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Cherry Nightstand

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Blog series by Todd updated 06-09-2014 05:03 PM 9 parts 16411 reads 19 comments total

Part 1: Introduction and Design

02-22-2014 04:25 PM by Todd | 0 comments »

I’m in the process of designing and building a cherry nightstand to match our bedroom suite. I’m going to try and preserve the style of the furniture while remaining within my skill level. I’m actually pretty far into the build now and since I’ve taken some pictures along the way I thought I would blog the process. I’ll try to post an entry for each step as time permits. The design of the nightstand took into account the style of our current bedroom suite i...

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Part 2: Acquiring, sorting, and preparing wood

02-22-2014 04:43 PM by Todd | 1 comment »

I’m very fortunate to have a sawyer close by that caters specifically to hobbyists. These are very knowledgable and nice folks. Shameless plug: Hobby Hardwood Alabama Here is a photo of the first batch of rough sawn cherry I chose: I recently reconfigured and upgraded my dust collector http://lumberjocks.com/projects/95715 which worked out great because I jointed and planed most of this wood in preparation for this build. This picture shows how well the thien baffle worked:...

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Part 3: Raised Panels for the Sides

02-25-2014 12:32 AM by Todd | 2 comments »

Rather arbitrarily I chose to make the side panels for the nightstand first. Actually it is only the second set of raised panels that I have done so I was kind of nervous and wanted to get them out of the way. For the rail and stiles I used “Sommerfeld’s Roundover Chip-Free Rail & Stile Set”. This rail & stile design eliminates chipping that is caused by a buildup of stress on the leading edges of the pattern. You can see in the pics below how the leading eadge i...

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Part 4: Base

04-02-2014 09:31 PM by Todd | 2 comments »

Next I decided to make the base. Since I wanted the skirt to match the skirt on our Captain’s Chest I copied the pattern onto paper then created a 1/4” ply pattern by gluing the paper to the ply, rough cutting with the bandsaw, then carefully sanding the edges using my disc sander and oscillating sander. I screwed the ply pattern to what would be the back of the front skirt piece and rough cut with my bandsaw. I then used a pattern bit on my router table to finish off the cur...

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Part 5: Top

04-15-2014 06:04 PM by Todd | 2 comments »

In this entry I will cover the top construction for the nightstand. Before I get started I want to apologize for not having many pictures of the top construction. You may be asking “What’s the big deal about the top? It’s just a panel glue-up and edge routing…” Normally, I would say it’s not that big of a deal but since I am trying to match the style of existing furniture (at least in spirit) it was a little more complicated. The top is actually in t...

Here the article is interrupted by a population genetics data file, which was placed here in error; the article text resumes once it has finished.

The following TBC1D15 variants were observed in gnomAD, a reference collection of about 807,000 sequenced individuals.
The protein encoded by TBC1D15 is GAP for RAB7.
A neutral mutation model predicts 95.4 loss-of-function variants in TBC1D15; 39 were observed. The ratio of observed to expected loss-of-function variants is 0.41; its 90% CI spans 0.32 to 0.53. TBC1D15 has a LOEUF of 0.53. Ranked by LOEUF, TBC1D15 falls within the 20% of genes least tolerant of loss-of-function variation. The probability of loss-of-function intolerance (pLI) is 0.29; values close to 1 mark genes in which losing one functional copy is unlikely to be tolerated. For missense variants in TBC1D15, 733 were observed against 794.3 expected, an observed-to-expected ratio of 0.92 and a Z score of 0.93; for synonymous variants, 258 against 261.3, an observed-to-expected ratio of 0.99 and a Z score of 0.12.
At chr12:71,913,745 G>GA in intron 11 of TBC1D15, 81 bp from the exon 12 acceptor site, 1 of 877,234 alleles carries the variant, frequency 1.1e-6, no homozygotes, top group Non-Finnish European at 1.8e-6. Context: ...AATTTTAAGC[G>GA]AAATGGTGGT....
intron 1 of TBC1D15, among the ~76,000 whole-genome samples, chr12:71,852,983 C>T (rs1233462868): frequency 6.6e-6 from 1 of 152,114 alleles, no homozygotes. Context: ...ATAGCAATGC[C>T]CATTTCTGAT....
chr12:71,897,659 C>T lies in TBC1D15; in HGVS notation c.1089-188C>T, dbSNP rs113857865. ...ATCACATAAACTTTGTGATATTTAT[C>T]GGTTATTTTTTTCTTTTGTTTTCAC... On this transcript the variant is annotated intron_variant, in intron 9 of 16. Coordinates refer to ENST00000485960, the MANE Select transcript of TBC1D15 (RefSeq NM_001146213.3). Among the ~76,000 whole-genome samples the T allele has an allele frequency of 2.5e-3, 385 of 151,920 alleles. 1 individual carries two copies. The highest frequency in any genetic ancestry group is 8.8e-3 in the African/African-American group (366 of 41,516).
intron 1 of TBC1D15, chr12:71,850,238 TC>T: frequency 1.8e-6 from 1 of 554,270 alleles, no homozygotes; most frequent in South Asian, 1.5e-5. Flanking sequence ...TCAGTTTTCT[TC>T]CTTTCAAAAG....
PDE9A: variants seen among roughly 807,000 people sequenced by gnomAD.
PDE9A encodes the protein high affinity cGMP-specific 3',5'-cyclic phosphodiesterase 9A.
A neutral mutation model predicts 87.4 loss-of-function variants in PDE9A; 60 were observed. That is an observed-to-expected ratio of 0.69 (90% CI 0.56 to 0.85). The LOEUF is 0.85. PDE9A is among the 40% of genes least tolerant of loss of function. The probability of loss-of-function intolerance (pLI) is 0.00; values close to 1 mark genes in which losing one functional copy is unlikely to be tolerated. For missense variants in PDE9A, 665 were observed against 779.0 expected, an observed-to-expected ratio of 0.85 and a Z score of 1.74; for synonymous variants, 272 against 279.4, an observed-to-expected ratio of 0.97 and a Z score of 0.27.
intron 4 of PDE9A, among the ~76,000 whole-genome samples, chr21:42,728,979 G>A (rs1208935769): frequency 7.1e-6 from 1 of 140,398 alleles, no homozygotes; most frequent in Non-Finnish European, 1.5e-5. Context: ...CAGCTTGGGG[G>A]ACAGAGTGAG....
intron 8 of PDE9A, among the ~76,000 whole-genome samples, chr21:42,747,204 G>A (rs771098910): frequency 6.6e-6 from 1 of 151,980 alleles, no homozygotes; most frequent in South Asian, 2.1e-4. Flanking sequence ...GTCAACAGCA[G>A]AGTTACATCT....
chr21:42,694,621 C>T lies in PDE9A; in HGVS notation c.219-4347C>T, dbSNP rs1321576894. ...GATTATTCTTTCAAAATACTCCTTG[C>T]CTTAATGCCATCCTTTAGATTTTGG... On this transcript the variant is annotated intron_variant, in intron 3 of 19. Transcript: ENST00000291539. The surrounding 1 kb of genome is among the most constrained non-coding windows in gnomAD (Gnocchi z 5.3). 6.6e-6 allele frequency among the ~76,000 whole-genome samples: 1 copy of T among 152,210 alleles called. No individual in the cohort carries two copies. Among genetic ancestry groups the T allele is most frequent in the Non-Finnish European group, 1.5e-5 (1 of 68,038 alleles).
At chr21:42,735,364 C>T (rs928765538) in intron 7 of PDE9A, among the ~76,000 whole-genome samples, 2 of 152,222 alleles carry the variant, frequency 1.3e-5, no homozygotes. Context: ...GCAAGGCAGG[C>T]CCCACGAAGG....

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Part 6: Carcass Construction

05-08-2014 10:23 PM by Todd | 2 comments »

In this installment I’ll be covering the carcass construction which includes assembling the face frame, sides and base. I’m not covering the construction of the face frame because it’s a very simple face frame assembled with pocket screws and glue. I do want to mention the specifics of how I attached the face frame to the sides. I used Sommerfeld’s 3-Pc Tongue & Groove Cabinetmaking Set to make the attachment. Below is the resulting joint. Note that th...

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Part 7: Drawers

05-09-2014 08:58 PM by Todd | 3 comments »

I was going to use dovetails or boxjoints for the drawers but I decided to go simple. After all I have cabinet drawers constructed with less integrity that have been abused for more than 20 years. I had some poplar that needed using so I glued up some panels to obtain the necessary widths. I cut them out and slotted them to accomodate a 1/4 ply bottom. I then drilled pocket holes on the outside of the front and back panels of the drawers as well as holes for mounting the drawer fr...

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Part 8: Staining and Finishing

06-02-2014 10:31 PM by Todd | 4 comments »

Since I needed this nightstand to match our existing bedroom furniture I decided to mix the stain myself. I was not satisfied with the results using off-the-shelf oil-based stains so I decided to try my hand at using dye stains. I ordered some TransTint dyes in Reddish-Brown and Black. Since TransTint dyes use water and/or alcohol as the solvent then I knew I was heading down the path for a completely water-based stain and finish. Since water raises the grain of the wood and Cherry ...

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Part 9: Final Assembly

06-09-2014 05:03 PM by Todd | 3 comments »

The final assembly consisted of remounting the drawer slides, attaching the drawer front, attaching the top assembly, and installing back panel. In a previous installment of this blog I had installed the drawer slides. I removed them to complete the staining and finishing. After reinstalling the hardware I began the process of mounting the drawer fronts. The drawers are standard 1/2” overlay. The top and botton rails of the face frame are 1” wide and the middle rail...

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